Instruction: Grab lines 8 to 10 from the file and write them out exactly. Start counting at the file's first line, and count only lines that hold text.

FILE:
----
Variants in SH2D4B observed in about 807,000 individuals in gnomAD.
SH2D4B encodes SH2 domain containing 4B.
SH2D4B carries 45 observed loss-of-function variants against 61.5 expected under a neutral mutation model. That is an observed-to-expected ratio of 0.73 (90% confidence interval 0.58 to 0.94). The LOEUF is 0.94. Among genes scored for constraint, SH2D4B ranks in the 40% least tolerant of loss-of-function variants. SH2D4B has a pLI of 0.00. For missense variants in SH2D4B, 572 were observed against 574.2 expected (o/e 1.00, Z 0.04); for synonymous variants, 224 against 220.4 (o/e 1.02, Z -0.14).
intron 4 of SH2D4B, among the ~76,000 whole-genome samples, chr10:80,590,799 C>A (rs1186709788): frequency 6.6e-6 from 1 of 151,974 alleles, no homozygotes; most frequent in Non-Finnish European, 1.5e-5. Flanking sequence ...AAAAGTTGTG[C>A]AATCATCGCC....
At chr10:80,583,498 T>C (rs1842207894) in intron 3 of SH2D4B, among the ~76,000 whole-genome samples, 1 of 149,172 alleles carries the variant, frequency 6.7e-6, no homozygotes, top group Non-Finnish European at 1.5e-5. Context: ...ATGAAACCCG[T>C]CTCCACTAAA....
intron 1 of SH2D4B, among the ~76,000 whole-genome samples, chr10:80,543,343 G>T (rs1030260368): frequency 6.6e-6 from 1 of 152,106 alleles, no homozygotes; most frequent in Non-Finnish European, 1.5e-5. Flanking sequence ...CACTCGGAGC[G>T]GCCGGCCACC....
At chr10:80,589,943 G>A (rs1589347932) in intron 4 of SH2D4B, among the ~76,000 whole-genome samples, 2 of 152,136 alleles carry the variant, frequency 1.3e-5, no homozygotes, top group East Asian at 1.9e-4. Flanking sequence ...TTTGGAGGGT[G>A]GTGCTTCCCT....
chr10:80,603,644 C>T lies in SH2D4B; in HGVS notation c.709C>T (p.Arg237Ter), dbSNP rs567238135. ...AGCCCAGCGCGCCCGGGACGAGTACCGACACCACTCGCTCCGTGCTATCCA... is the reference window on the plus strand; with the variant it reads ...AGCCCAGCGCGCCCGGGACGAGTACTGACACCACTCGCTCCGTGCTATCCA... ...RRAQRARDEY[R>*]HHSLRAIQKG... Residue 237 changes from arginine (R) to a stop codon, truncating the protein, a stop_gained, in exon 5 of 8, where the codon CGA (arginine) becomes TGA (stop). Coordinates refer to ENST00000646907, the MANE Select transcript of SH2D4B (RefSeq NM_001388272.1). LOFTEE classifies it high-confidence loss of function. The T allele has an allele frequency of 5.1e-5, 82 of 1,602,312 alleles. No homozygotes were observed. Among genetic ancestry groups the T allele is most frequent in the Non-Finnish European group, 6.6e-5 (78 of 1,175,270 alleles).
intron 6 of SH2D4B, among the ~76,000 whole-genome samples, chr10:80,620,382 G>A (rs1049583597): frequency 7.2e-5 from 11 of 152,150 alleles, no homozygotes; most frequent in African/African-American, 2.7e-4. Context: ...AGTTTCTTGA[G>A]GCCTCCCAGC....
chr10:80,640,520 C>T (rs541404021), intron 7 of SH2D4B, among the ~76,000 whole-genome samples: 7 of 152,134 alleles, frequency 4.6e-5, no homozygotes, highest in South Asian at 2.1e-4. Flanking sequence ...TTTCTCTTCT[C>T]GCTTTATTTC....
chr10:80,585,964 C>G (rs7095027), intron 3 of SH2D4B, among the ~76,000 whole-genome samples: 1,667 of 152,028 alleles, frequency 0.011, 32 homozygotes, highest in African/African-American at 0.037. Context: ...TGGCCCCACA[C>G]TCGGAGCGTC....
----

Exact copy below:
chr10:80,603,644 C>T lies in SH2D4B; in HGVS notation c.709C>T (p.Arg237Ter), dbSNP rs567238135. ...AGCCCAGCGCGCCCGGGACGAGTACCGACACCACTCGCTCCGTGCTATCCA... is the reference window on the plus strand; with the variant it reads ...AGCCCAGCGCGCCCGGGACGAGTACTGACACCACTCGCTCCGTGCTATCCA... ...RRAQRARDEY[R>*]HHSLRAIQKG... Residue 237 changes from arginine (R) to a stop codon, truncating the protein, a stop_gained, in exon 5 of 8, where the codon CGA (arginine) becomes TGA (stop). Coordinates refer to ENST00000646907, the MANE Select transcript of SH2D4B (RefSeq NM_001388272.1). LOFTEE classifies it high-confidence loss of function. The T allele has an allele frequency of 5.1e-5, 82 of 1,602,312 alleles. No homozygotes were observed. Among genetic ancestry groups the T allele is most frequent in the Non-Finnish European group, 6.6e-5 (78 of 1,175,270 alleles).
intron 6 of SH2D4B, among the ~76,000 whole-genome samples, chr10:80,620,382 G>A (rs1049583597): frequency 7.2e-5 from 11 of 152,150 alleles, no homozygotes; most frequent in African/African-American, 2.7e-4. Context: ...AGTTTCTTGA[G>A]GCCTCCCAGC....
chr10:80,640,520 C>T (rs541404021), intron 7 of SH2D4B, among the ~76,000 whole-genome samples: 7 of 152,134 alleles, frequency 4.6e-5, no homozygotes, highest in South Asian at 2.1e-4. Flanking sequence ...TTTCTCTTCT[C>T]GCTTTATTTC....